the "Justice to the Mountain" club,
gained much publicity for it by his
attractive style of writing, and
focused the attention of the country
by presenting its case to the national
board of geographic names, though
his plea was denied. One diversion
was a trip on a yacht with a moving
picture company to the west coast of
Mexico for the purpose of taking pic
tures of the revolution. The sight
of the "gringoes" so excited the Mexi
cans that, in order to calm them, the
commander of an American warship
patroling the coast ordered the movie
men to abandon their enterprise.
Mrs. Wall died several years ago,
and after the death, of a eister in
Tacoma a year ago he moved to Los
Angeles. His plan to become an
orange grower was foiled by his
death. An adopted son of his sister
became his ward and is at Hill Mili
tary academy.
DRIVE WILL END FEB. 15
Hoover Requests European Relief
Accounts to Be Put in Shape.
Oregon's campaign to raise funds
for the starving children of eastern
and central Europe is to be closed
officially February 15, according to
word reaching city and state head
quarters yesterday from Herbert
Hoover, national chairman of the
drive. Mr. Hoover has asked that the
accounts be put in such shape by that
date that nothing will be left for
further attention.
To that end all the counties in the
state which have collected and still
JCAPPOOSE AUTO PITFALL
visrrorG motjorists fixed
UNDER DRASTIC ORDINANCE
Judge Hates to Take Money, but
Lair Must Bo Enforced and
Revenues Increased.
The thriving town of Scappoose, on
the lower Columbia river highway,
has set out to raise its city revenues
from visiting motorists. So believes
E. E. McClaran, local architect, who
was arrested for alleged speeding
through the town yesterday and re
lieved of $15 for the good of the city
exchequer. Mr. McClaran arrived
home last night highly indignant
over what he declared looks like a
deliberate attempt by the city coun
cil to extract money from the motor
travelers.
Mr.- McClaran declared that he was
proceeding through the town at a
speed of about 17 miles an hour,
looking for a place to park his car-
preparatory for a brief stop, when
an officer placed him under arrest
on a charge of speeding. The judge
before whom he was taken, in fining
him 116, "hated to do it," Mr. Mc
Claran declared, but asserted that he
had to carry out an ordinance re
cently passed by the city council.
It was Mr. McClaran's understand
ing that 12 others had been arrested
prior to him that day and that he
had been more fortunate than most
of the others In being deprived of
only $15 for his alleged fast driving.
omen it seems to be, for if the dawn
is dark and cloudy, then ths day
suits his fancy, and he makes a meal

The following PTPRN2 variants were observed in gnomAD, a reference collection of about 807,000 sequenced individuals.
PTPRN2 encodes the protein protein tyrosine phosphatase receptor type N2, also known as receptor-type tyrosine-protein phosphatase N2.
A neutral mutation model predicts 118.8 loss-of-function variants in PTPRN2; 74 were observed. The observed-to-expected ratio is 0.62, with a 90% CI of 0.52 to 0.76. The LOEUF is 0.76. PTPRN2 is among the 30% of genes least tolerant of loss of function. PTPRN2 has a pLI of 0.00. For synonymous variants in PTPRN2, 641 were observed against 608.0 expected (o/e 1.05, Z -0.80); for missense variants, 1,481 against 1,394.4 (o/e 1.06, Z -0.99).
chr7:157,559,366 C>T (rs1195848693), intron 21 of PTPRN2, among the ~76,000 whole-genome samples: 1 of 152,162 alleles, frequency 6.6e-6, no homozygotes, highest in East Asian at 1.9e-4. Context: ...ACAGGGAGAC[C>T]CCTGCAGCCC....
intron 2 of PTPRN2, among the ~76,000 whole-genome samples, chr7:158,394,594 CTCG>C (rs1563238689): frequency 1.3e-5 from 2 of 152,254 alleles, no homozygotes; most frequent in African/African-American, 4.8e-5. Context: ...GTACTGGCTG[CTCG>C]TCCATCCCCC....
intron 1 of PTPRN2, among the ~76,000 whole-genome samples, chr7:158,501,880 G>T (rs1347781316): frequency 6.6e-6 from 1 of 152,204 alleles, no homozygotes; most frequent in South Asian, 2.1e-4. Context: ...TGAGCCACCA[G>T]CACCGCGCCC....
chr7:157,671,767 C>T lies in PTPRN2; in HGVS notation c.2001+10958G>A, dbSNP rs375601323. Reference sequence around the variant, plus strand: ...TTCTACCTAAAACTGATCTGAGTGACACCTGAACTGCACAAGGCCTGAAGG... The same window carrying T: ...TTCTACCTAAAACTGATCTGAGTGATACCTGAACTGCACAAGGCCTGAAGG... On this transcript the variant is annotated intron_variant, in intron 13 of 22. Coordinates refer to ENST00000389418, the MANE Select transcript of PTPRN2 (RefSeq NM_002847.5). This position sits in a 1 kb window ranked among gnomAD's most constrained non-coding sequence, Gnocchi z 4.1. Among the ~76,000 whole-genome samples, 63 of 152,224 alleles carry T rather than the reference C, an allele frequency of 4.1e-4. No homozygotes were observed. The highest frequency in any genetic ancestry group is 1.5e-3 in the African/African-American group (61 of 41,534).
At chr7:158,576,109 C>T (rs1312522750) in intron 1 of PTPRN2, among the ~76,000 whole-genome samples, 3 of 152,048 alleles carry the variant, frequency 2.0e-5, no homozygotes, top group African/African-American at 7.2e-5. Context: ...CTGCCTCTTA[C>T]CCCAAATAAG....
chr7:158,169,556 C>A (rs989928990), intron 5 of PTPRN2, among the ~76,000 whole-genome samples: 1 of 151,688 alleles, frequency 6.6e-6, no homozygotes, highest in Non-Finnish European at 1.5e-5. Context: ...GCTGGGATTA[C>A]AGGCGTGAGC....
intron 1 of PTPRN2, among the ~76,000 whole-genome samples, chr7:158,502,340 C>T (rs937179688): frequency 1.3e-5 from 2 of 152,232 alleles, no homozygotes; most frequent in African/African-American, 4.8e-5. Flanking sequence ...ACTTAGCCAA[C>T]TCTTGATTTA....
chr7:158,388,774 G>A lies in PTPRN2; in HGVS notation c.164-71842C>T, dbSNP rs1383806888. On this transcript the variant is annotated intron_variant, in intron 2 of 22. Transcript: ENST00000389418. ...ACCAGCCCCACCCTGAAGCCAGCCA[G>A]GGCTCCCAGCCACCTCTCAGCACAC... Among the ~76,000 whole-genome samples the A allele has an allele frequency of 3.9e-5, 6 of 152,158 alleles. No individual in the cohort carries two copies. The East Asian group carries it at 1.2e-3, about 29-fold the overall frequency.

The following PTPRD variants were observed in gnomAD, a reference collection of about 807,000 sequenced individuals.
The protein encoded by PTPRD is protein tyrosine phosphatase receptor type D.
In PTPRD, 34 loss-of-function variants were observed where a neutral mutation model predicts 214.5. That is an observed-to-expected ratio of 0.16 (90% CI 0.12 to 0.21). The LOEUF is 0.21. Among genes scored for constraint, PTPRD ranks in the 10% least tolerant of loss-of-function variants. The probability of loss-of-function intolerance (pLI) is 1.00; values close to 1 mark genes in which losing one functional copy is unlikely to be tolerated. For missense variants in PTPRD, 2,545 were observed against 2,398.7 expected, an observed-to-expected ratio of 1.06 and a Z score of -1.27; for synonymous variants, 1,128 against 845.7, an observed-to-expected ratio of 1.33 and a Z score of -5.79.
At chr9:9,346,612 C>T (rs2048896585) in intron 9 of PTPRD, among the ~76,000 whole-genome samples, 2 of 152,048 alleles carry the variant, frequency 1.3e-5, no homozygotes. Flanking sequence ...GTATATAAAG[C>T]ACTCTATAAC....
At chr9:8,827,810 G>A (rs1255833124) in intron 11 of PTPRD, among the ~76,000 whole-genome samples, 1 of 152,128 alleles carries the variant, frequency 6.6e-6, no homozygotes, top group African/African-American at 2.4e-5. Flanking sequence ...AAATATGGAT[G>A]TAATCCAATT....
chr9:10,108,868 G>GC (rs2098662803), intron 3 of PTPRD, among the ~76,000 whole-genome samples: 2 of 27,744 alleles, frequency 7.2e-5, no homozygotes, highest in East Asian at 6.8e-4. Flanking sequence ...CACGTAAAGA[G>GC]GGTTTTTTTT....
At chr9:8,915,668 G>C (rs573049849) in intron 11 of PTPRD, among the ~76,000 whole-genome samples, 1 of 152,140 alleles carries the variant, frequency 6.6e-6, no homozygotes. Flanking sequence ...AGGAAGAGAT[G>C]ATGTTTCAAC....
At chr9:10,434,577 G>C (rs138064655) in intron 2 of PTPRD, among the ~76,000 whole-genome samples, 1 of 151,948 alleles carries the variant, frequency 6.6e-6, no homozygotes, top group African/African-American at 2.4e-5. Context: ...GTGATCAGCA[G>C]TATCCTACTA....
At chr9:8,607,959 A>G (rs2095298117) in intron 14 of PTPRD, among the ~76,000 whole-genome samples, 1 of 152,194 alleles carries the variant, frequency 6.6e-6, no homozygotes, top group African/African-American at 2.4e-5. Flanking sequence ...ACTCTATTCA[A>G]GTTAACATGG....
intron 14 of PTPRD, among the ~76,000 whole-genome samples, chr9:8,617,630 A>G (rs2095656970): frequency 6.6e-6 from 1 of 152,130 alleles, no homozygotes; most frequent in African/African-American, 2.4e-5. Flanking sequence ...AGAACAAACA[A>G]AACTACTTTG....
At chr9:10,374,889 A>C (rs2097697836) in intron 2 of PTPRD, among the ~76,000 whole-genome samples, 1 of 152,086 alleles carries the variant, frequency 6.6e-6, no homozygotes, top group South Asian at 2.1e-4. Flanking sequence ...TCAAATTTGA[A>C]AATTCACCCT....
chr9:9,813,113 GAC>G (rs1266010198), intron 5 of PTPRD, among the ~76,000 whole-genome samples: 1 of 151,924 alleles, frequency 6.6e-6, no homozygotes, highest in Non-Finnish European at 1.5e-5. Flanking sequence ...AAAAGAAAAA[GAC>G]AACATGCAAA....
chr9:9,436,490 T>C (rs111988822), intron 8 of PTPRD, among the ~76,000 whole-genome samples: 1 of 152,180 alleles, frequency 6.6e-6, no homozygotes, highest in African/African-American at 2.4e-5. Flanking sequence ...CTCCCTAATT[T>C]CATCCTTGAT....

of young grass, predicting the near
approach of spring.
All of which explains why It la
that a great many folk, usually In
the lists for fair weather and hold
ing , the federal bureau up to scorn
when it fails to regulate the clouds,
are earnest in their prayer for an
Oregon mist this morning, for an
overcast sky and even a bleak wind
to make the presage good. That
there are no groundhogs in Oregon
doesn't matter a mite, for it Is ob
vious that if there were a' ground
hog he couldn't fail to abide by the
sfs-ns.
Solely for what the forecast Is
worth and casting no aspersions upon
the sagacity of the groundhog, the
weather bureau last night allotted a
rainy day to Oregon, ana a semi
official statement said that the
groundhog, alias woodchuck, fre
quently has been 'in error.
Man Pens Note, Pulls Triggar.
ASTORIA, Or., Feb. 1. fSpecIal.)
John I. Lukkrila, a farmer on an
Island in Youngs river, about ten
miles from Astoria, took his life by
shooting himself last night. The body
was found late this afternoon. Luk
krila, who was alone, sat on the edge
iff I
I
HW Sri JIICP
IP. C. B. GRAHAM CRACKERS M
Another P. C. B. product fifttn
Delicately baked, crisp and tasty. ' iQj
Will prove a pleasing addition to HiirV-
any meaL ."
Your grocer can supply you. iJg JC p&fyfjr
Pacific Coast Biscuit Co. mjT
I s ! ! ssis.i iiim. s.s -ssss. ii i ii asMssasssssssssssssssssss.sssssi..sssSBssss
At the Club
and in the
Best Cafes
You'll find Snow Flakes
served with broths, soups,
oysters, salads and cheese.
Everyone likes to nibble
these crisp, tasty soda wa
fers. Sold by grocers in red
packages and family tins.
Don't ask for crackers
say SNOW FLAKES
of the bed and placed the muzzle of
his shotgun against his heart, dis
charging the weapon by pulling a
string he had attached to the trigger.
He left a note addressed to his wife
and reading: "Gnoa-bye Fina. let the
people decide the rest." The man was
native of Finland, about ii years
old. The widow survives.
have their funds on hand have been
urged to send these forward at once, t of winter weather.
Astute Groundhog to Take
Squint at Weather.
Early Spring or Late Winter De
pends 1'poa Shadow.
THOUGH naturalists appear to agree
M that the groundhog never ram
bles west of Nebraska, the fact re
mains that for this day at least he le
locally and throughout the nation
the peer of all weathermen, for spring